A beautiful love song it the making! I love the tender, romantic feeling. A few suggestions to make it even better: "Any smallest cause that made us smiles". That must be awkward to sing. It's also not great grammar, not that that always matters in a song, but in this case, try "The smallest things made us smile" or similar. I notice the chorus is different every time you sing it. Not saying that's a bad thing, but you probably want some part of the song that repeats the same way every time. That part is your hook, and without one, the chorus is going to throw off the listeners when every time they hear something different from the last time. Two thoughts: either sing the exact same chorus the first two times, and change it the third time, or always end the chorus with "I'm gonna bring you back anyhow again". Although I'm not really sure what "anyhow again" means. Maybe replace "anyhow" with another word. Or, I know - use the ending of your third chorus: "I'm gonna make it all right with you again", in every chorus. That would make a beautiful hook! "I was not ready to share; young jealousy turned me mad". I needed more explanation of this verse. Was your love interest was seeing other people while still dating you? If so, you would have every right to be jealous. S/he would be in the wrong, and it would probably be the cheating that ended the relationship, not your jealousy. Was your love interest dating other people and you weren't together? If so, who could blame you for being jealous? Or did you mean you were jealous of your lover's friends, family, career, and so on? In that case, your jealousy might cause problems. Maybe think about making that clearer. And then "Glitz world made me blind". We're getting more reasons why you two split up, but I'm having trouble connecting it to what I heard before. That might not be a problem if your tune can pull the story together, but you might want to go over what you meant the story to be, and then tweak the verses a little so it sounds less disjointed. Great idea; keep it up! I love these beautiful love songs.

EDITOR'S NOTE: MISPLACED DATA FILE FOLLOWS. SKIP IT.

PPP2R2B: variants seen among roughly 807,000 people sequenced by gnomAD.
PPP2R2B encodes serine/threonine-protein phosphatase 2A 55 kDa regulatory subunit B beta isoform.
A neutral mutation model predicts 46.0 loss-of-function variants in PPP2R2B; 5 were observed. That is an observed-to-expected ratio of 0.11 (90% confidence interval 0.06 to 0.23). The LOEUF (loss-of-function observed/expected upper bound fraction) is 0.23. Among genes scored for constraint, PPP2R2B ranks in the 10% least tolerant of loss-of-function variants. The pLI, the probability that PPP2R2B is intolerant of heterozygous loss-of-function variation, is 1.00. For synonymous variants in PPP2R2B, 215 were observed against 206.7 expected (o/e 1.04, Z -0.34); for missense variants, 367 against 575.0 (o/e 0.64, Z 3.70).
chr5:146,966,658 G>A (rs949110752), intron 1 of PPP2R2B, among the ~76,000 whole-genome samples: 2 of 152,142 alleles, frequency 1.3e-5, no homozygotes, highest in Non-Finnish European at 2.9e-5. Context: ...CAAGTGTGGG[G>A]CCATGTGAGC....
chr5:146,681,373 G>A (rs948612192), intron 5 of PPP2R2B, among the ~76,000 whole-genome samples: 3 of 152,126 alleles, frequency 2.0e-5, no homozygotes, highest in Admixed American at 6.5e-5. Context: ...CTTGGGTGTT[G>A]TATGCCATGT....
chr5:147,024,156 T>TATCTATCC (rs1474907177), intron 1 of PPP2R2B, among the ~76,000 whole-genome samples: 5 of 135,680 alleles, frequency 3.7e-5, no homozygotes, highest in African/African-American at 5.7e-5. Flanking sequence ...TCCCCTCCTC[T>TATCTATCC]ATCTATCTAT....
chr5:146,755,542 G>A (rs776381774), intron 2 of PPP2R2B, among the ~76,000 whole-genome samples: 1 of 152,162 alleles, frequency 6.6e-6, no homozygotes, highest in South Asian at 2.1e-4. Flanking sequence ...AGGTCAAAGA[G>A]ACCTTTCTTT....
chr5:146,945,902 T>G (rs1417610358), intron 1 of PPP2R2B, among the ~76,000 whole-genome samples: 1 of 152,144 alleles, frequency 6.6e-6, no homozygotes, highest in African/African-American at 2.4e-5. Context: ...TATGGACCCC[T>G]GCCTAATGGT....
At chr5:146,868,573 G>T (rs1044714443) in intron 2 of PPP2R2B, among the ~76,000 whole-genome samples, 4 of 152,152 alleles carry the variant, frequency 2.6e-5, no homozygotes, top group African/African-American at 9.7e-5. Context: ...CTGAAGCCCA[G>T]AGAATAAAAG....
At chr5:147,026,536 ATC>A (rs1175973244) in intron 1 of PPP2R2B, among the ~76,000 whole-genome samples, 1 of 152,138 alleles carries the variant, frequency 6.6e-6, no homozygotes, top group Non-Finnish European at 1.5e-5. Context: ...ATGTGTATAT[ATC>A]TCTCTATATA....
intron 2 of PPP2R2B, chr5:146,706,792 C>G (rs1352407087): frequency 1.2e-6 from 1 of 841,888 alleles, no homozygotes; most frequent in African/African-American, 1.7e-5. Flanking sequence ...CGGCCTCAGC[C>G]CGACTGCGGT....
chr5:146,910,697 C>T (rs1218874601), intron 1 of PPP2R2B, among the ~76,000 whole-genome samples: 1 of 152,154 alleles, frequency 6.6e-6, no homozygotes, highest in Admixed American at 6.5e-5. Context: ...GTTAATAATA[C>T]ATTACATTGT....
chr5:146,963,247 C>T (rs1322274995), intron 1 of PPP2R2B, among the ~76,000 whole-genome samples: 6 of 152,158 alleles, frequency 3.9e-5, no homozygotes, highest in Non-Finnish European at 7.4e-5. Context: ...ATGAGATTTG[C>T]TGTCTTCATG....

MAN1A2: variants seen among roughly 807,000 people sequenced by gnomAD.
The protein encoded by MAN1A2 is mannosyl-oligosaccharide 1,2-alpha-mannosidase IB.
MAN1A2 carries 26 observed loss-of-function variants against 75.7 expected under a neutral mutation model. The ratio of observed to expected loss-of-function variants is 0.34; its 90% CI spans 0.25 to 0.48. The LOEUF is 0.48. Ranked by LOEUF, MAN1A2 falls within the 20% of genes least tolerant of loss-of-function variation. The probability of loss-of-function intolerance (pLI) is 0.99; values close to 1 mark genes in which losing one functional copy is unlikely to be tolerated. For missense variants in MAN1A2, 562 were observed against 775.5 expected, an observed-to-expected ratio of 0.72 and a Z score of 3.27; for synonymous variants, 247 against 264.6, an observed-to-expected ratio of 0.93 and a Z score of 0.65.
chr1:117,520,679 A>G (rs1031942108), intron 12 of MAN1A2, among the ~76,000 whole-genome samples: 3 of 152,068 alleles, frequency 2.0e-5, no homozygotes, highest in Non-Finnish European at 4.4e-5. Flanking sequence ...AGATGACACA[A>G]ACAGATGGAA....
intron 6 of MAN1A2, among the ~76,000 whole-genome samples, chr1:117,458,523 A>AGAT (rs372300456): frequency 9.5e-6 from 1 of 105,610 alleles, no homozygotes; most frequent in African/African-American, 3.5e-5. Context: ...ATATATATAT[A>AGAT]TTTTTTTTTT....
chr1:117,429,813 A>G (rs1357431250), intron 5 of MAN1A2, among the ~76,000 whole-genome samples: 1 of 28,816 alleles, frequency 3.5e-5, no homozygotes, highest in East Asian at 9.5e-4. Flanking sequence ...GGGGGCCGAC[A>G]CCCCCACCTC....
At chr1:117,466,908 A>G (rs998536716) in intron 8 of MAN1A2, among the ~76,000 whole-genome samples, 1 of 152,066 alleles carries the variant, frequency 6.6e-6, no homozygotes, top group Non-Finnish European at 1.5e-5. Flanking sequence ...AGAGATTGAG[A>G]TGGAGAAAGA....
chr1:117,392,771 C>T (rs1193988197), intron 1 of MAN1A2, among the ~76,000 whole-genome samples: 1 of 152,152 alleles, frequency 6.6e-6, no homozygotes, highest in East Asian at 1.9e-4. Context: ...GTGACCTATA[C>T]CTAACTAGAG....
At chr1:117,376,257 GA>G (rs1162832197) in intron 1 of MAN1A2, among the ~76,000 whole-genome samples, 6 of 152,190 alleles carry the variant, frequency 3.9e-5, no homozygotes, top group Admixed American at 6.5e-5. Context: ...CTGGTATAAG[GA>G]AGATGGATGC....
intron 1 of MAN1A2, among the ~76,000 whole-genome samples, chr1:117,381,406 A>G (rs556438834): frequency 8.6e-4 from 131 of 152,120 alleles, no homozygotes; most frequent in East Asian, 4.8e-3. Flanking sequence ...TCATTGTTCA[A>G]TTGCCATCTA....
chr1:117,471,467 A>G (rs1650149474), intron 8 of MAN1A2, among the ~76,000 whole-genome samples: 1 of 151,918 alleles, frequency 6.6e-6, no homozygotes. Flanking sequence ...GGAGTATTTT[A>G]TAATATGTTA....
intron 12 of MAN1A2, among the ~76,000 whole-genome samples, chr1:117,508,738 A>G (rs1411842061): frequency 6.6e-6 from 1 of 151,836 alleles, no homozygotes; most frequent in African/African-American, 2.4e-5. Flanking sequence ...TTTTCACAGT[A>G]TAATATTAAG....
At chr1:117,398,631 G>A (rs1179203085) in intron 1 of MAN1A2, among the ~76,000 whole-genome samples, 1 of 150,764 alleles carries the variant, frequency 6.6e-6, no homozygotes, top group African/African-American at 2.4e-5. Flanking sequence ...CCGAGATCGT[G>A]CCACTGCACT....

12. Pretty much everybody else who writes songs today seems to already have a recording of their track - complete with instruments and all - that they must've done themselves, without a professional. But there must also be some really quick, simple way to do it, because people post their recordings here looking for feedback, which must mean they didn't intend these recordings to be the final draft. How do you all make your recordings, and how do you get them done so easily, if it is as easy as I imagine it would have to be?
  13. LAYLA

    A Thought